Last month, Microsoft finally unveiled its new cloud-based enterprise productivity and communications suite, Office 365. With more and more small and mid-sized businesses embracing the cloud-based potential of Google Apps, it’s not particularly surprising that Ballmer & the boys decided to fire their own volley. What is surprising, though, is just how robust, well-executed, and affordable the new Office 365 manages to be; for small businesses feeling encumbered by their current software systems, Office 365 might be the solution. Read More
WriteThat.Name App Helps You Keep Your Contact List in Check
You can almost bet that when people change their email address, phone number, or other pertinent contact information, they may not send out a mass email to EVERYONE in their contact list instructing them to update the changes, but you better believe they update their outgoing email signature. An email signature (if done correctly) should tell the recipient of the message everything they need to know to get in contact with you to respond to your message, in addition to leaving your mark/brand on every piece of information that leaves your possession.
On the other hand, your contact list may not reflect the most recent contact information about the people you correspond with and if left unchecked for too long, can leave you scratching your head when it comes to retrieving that important phone number, email, or web address LONG after the emails have stopped and been purged from your inbox. That’s where this cool little web app called WriteThat.Name comes in and checks your contact list’s information against the information found in a correspondent’s email signature.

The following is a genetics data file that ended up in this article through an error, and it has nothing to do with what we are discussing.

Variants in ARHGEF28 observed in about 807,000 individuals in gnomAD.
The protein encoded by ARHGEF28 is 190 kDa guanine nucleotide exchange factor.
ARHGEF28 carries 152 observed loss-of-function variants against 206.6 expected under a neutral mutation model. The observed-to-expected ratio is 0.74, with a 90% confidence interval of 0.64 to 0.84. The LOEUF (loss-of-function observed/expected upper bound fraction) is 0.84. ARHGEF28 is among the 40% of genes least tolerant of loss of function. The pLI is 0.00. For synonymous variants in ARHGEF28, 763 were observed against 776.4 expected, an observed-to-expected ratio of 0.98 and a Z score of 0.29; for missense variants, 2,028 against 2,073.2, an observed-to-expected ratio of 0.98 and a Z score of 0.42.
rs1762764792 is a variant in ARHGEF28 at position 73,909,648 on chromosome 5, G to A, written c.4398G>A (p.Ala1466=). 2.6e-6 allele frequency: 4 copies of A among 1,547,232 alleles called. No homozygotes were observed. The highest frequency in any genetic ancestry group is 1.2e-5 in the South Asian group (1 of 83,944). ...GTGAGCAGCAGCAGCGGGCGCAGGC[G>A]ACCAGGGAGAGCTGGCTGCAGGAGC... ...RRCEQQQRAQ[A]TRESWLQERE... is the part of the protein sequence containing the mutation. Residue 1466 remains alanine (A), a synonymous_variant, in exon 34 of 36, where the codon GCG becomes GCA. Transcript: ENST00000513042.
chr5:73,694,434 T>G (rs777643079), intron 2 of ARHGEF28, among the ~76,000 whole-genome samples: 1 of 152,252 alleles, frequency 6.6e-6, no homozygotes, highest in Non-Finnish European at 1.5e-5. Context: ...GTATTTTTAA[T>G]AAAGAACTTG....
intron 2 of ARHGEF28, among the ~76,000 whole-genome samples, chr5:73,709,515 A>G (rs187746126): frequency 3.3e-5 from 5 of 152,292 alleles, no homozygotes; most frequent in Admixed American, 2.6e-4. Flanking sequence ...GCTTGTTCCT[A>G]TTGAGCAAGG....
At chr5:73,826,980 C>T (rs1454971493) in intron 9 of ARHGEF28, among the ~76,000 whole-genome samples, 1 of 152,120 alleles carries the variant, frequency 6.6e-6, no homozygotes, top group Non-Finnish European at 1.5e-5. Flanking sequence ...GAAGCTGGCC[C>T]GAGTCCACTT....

It works like this – Every time you receive an email from a person, WriteThat.Name checks their email signature for contact information can compares it against the information you have in your contact list (That is, if you bothered to add them to your contact list in the first place). Once you sign up, login and connect your email account, you’re ready to allow the service to check your email messages. WriteThat.Name currently only works with Gmail or Google Apps contact lists.
The service is pretty simple and the only major setting you have to adjust is whether or not to allow WriteThat.Name automatically change your contact list as soon as it finds a conflict, or to notify you if there is a change. If you choose to turn off the Auto-update, you will have to manually make the changes yourself. I say if your contact list is already out of whack, why not let WriteThat.Name have a crack at it?
The service is free for the first month, after that you have the choice of getting billed $3 monthly, or opting for a discount and getting billing out of way yearly for $20. Drop us a line in the comments section if you would pay for a service like this, or if you’re as anal-retentive like me, and keep your contact’s list lean and mean?
Gmail Mobile Site upgrades to HTML5
Holding on to your feature phone with web access for fear of making the smartphone jump? Or maybe your exchange email setup on your smartphone is acting janky? These obstacles shouldn’t stop you from accessing your Gmail accounts via your mobile device. Gmail has a mobile site that breaks down the full desktop version and makes it “mobile friendly”. Now with the conversion to HTML5, the improved Gmail mobile site could get you out of a “I have no email access” jam.
One of the main advantages to moving to HTML5 is that pages load faster. Unlike before when you opened a page and got a separate “loading” page letting you know what is happening; emails, labels, and even options load within the same page and with minimal delay.